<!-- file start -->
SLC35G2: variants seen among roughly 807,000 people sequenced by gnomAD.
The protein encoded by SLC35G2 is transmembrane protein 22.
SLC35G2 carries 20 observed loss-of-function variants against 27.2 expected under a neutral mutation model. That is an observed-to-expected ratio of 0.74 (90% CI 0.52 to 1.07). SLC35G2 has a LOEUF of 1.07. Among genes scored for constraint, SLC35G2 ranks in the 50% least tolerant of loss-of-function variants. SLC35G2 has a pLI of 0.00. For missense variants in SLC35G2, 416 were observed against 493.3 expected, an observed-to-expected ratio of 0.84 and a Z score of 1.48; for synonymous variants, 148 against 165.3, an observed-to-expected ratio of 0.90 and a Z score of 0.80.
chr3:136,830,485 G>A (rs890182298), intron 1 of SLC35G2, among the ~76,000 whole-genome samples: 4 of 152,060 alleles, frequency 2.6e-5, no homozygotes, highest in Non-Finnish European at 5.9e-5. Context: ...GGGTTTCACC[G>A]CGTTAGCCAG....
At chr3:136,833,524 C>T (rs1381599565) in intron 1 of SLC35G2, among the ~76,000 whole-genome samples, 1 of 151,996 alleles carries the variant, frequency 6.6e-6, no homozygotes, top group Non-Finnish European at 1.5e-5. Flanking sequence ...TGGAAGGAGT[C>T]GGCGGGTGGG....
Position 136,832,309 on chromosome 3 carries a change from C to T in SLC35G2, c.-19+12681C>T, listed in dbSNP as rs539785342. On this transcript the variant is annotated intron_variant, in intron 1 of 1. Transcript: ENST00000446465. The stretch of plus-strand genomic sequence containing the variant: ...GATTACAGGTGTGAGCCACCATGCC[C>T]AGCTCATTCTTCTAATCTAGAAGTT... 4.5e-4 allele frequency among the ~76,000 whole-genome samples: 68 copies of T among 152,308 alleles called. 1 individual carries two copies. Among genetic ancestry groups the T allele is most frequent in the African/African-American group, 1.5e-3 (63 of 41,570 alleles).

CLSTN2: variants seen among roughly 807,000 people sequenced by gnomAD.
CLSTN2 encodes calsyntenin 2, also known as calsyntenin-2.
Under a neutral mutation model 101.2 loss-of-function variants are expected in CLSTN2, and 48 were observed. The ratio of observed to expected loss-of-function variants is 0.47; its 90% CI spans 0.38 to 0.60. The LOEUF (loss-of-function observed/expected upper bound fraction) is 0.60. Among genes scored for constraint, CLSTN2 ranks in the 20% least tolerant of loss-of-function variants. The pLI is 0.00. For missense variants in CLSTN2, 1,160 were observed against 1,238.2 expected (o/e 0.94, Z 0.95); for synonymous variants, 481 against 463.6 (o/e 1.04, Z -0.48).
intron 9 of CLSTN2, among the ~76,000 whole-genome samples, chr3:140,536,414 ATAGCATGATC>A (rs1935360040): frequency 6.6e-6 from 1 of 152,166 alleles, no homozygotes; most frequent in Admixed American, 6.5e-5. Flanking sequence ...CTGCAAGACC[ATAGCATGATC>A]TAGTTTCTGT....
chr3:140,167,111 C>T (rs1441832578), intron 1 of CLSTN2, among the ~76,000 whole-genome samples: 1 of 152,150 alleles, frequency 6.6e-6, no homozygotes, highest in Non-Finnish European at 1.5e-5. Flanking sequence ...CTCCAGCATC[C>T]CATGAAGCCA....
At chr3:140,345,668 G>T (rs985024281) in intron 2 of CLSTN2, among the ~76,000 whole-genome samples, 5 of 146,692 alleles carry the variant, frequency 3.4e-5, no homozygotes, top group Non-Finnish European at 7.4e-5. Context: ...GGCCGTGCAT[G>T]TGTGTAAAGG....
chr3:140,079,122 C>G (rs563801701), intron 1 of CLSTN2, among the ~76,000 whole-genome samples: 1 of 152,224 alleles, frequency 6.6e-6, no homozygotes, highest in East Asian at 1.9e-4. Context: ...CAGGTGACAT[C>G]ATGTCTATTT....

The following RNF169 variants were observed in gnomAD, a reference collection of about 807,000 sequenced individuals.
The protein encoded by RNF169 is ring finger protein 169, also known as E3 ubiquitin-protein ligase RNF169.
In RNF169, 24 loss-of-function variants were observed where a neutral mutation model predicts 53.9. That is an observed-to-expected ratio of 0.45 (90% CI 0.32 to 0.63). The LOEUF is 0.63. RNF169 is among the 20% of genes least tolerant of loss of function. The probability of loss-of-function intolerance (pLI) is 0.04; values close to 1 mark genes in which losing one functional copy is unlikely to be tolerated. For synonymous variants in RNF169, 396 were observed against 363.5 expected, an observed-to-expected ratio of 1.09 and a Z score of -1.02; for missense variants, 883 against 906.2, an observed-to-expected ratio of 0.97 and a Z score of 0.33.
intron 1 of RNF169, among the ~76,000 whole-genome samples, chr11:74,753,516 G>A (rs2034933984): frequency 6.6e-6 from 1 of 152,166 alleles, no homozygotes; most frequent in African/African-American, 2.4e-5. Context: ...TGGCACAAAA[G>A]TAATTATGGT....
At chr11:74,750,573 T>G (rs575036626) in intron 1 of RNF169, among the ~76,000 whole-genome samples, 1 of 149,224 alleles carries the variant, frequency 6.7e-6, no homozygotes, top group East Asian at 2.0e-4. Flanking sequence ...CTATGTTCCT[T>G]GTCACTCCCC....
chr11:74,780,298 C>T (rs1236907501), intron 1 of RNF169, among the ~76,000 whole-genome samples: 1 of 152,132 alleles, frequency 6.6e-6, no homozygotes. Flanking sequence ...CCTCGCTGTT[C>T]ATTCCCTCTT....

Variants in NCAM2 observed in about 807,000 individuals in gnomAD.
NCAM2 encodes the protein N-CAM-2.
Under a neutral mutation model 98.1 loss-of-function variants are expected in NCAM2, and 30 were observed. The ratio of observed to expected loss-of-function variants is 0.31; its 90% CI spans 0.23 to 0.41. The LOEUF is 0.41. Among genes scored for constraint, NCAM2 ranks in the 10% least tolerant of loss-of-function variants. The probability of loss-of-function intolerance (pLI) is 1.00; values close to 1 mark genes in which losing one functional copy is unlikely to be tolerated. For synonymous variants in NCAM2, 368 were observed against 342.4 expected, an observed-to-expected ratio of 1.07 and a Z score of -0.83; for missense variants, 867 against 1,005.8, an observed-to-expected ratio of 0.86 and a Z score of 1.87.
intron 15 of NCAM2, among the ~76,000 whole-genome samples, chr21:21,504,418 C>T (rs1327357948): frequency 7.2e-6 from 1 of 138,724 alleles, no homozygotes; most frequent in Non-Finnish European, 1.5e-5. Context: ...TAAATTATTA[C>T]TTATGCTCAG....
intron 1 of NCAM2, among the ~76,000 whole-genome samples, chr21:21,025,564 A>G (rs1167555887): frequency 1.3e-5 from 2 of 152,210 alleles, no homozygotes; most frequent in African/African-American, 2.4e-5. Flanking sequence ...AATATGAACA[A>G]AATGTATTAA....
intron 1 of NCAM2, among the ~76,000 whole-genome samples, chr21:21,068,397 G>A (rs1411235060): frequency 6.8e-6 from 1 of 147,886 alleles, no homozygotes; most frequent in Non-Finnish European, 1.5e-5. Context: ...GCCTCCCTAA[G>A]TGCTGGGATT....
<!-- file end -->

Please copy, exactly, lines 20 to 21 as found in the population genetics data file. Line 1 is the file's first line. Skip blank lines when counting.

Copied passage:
Variants in NCAM2 observed in about 807,000 individuals in gnomAD.
NCAM2 encodes the protein N-CAM-2.